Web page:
However, regression in one major state rarely occurs in isolation. Fifth columns and foreign agents may be mere paranoia, but they can also reflect some authentic underlying woes that are acute in our times, as well.
A part of the overall dynamic is that Western democracies have been internally focused on and concerned about the regressive multi-dimensional polarisation and intensifying tensions between factions of democratic politics. In turn, foreign powers, such as Russia and China, are drawn to signs of democratic weakness by strategic design. Furthermore, they are driven by opportunism as they try to co-opt and abuse these new emergent weaknesses.
More irrational motives also exist. Spoilers are regressing themselves, and, in many cases, they are more politically regressed than their democratic targets. With regard to meddling, they have their own regressive reasons and motivations. The resulting nexus can further intensify mutual regressions and form negative downward-sloping spirals of political failure that are not ultimately under any strategic control, as is the case with Russia’s slaughter of Ukrainians. These events are expressions of Russia’s regressive constitute element and strategic culture, motivated to drag others into the deepening vortex.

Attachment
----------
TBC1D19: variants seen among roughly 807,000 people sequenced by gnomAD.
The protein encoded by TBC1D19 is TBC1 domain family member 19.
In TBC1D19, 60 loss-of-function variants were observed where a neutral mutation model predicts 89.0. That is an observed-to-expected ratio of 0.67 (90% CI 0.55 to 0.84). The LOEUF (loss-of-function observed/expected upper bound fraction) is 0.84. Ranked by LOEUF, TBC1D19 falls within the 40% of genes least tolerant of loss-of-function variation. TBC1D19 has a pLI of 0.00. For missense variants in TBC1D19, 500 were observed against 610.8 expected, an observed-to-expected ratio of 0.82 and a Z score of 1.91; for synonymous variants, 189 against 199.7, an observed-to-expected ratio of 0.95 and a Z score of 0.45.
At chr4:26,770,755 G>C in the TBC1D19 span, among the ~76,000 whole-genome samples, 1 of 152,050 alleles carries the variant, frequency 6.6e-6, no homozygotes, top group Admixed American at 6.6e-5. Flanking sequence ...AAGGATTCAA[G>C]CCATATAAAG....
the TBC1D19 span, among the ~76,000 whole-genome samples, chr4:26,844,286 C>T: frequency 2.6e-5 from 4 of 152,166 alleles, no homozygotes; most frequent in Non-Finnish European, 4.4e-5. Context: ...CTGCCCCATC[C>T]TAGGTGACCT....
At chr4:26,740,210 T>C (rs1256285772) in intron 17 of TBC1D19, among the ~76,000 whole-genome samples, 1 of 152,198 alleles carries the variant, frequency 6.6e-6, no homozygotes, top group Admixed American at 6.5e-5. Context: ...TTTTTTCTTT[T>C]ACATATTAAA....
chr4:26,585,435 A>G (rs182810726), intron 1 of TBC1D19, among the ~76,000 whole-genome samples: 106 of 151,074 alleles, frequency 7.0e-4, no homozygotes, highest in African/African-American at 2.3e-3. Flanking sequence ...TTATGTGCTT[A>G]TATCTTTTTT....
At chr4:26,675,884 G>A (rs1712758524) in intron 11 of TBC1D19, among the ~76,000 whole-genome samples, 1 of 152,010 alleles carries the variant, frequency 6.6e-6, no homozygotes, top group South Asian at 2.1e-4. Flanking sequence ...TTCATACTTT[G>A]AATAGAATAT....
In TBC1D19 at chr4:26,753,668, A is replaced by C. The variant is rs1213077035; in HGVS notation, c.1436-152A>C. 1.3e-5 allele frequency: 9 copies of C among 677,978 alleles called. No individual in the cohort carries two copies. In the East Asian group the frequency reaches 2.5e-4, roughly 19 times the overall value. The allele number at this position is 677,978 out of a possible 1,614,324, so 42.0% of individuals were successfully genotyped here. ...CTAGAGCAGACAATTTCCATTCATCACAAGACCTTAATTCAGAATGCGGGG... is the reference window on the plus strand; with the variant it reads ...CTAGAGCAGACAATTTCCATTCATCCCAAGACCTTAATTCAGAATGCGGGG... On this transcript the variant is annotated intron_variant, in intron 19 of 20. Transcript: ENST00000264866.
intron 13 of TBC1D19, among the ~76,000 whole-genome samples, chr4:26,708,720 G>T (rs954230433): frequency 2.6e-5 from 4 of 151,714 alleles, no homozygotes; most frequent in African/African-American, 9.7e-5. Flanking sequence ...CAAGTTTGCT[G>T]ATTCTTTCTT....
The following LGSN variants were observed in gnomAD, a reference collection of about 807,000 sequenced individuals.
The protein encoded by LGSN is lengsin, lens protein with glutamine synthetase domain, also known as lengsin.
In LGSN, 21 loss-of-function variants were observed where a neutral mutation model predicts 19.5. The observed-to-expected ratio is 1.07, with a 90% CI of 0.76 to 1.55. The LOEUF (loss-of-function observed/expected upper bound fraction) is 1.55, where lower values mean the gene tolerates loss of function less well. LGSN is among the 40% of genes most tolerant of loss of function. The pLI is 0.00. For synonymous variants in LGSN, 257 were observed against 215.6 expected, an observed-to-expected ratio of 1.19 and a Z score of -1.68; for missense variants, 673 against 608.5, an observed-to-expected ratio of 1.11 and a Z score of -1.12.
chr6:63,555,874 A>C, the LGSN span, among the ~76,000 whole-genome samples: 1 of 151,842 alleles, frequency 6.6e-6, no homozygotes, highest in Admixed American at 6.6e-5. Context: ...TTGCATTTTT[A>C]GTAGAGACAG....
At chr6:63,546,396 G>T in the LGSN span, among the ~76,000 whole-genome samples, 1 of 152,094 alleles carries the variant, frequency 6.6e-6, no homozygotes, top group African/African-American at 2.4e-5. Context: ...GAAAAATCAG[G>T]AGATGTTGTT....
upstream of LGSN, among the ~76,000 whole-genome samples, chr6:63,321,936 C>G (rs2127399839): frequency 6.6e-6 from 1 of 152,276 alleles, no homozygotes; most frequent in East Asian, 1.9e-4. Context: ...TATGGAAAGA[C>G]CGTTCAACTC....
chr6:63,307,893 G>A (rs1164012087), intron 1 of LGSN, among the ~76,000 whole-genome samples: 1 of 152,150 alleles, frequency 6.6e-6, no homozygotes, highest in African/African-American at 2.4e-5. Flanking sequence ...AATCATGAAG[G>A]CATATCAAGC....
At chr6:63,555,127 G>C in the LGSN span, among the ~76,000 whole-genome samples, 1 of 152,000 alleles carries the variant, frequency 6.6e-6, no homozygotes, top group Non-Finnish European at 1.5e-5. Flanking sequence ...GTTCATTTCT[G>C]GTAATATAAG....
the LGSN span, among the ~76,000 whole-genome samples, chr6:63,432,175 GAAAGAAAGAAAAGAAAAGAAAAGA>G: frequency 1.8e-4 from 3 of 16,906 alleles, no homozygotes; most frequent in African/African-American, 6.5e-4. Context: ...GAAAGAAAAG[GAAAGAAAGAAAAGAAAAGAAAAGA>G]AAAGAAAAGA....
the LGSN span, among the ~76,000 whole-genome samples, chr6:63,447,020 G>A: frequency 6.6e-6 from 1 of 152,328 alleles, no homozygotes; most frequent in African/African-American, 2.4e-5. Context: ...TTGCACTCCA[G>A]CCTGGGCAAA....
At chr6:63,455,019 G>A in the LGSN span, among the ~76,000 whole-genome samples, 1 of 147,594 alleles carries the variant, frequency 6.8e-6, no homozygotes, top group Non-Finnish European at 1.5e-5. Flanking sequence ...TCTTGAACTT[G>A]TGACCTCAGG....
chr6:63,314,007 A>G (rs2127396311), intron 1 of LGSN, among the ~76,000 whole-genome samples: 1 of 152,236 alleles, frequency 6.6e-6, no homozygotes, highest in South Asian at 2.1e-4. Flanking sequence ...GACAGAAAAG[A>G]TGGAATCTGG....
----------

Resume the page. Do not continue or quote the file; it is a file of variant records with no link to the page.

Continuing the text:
Such accelerating dynamics – these downward-sloping spirals – are increasingly characteristic of the political twists and turns in established democracies. The processes in Russia, however, have already assumed a much more drastic form of political repression and international war. These overall tempos and momentums are emotionally engaging and contagious in ways that escape rational models. They can signify complications, entanglements, and open up possibilities of regressive slides. Domestic regression can link up with external surroundings and draw in its major actors, thereby escalating hostilities between them.
At the same time, Russia’s open aggression in Ukraine has forged momentum for solidifying counteraction. Democracies are – at least for now – acting in the spirit of solidarity, contributing to common strategic tasks, and working towards decreasing divisions.